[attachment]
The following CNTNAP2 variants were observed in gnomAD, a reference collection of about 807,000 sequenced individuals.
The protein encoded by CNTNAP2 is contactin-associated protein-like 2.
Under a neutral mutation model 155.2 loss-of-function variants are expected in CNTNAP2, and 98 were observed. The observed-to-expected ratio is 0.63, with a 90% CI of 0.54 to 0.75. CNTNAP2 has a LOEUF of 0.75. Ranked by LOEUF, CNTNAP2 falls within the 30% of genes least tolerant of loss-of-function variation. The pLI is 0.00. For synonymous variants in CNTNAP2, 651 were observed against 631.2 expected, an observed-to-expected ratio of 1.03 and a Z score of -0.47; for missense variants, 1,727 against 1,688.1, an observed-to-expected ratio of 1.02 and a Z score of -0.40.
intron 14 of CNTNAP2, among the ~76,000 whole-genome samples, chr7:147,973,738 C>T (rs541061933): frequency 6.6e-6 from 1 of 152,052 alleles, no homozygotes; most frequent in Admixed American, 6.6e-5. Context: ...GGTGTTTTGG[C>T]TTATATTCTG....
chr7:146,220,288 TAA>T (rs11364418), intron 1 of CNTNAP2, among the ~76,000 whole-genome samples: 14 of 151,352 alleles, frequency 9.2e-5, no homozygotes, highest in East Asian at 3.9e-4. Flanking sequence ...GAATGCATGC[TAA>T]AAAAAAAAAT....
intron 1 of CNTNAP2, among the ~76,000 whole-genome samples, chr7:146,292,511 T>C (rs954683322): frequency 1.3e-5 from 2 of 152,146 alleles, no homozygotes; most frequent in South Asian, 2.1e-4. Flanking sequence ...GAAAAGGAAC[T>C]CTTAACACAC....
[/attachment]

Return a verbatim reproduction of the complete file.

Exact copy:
The following CNTNAP2 variants were observed in gnomAD, a reference collection of about 807,000 sequenced individuals.
The protein encoded by CNTNAP2 is contactin-associated protein-like 2.
Under a neutral mutation model 155.2 loss-of-function variants are expected in CNTNAP2, and 98 were observed. The observed-to-expected ratio is 0.63, with a 90% CI of 0.54 to 0.75. CNTNAP2 has a LOEUF of 0.75. Ranked by LOEUF, CNTNAP2 falls within the 30% of genes least tolerant of loss-of-function variation. The pLI is 0.00. For synonymous variants in CNTNAP2, 651 were observed against 631.2 expected, an observed-to-expected ratio of 1.03 and a Z score of -0.47; for missense variants, 1,727 against 1,688.1, an observed-to-expected ratio of 1.02 and a Z score of -0.40.
intron 14 of CNTNAP2, among the ~76,000 whole-genome samples, chr7:147,973,738 C>T (rs541061933): frequency 6.6e-6 from 1 of 152,052 alleles, no homozygotes; most frequent in Admixed American, 6.6e-5. Context: ...GGTGTTTTGG[C>T]TTATATTCTG....
chr7:146,220,288 TAA>T (rs11364418), intron 1 of CNTNAP2, among the ~76,000 whole-genome samples: 14 of 151,352 alleles, frequency 9.2e-5, no homozygotes, highest in East Asian at 3.9e-4. Flanking sequence ...GAATGCATGC[TAA>T]AAAAAAAAAT....
intron 1 of CNTNAP2, among the ~76,000 whole-genome samples, chr7:146,292,511 T>C (rs954683322): frequency 1.3e-5 from 2 of 152,146 alleles, no homozygotes; most frequent in South Asian, 2.1e-4. Flanking sequence ...GAAAAGGAAC[T>C]CTTAACACAC....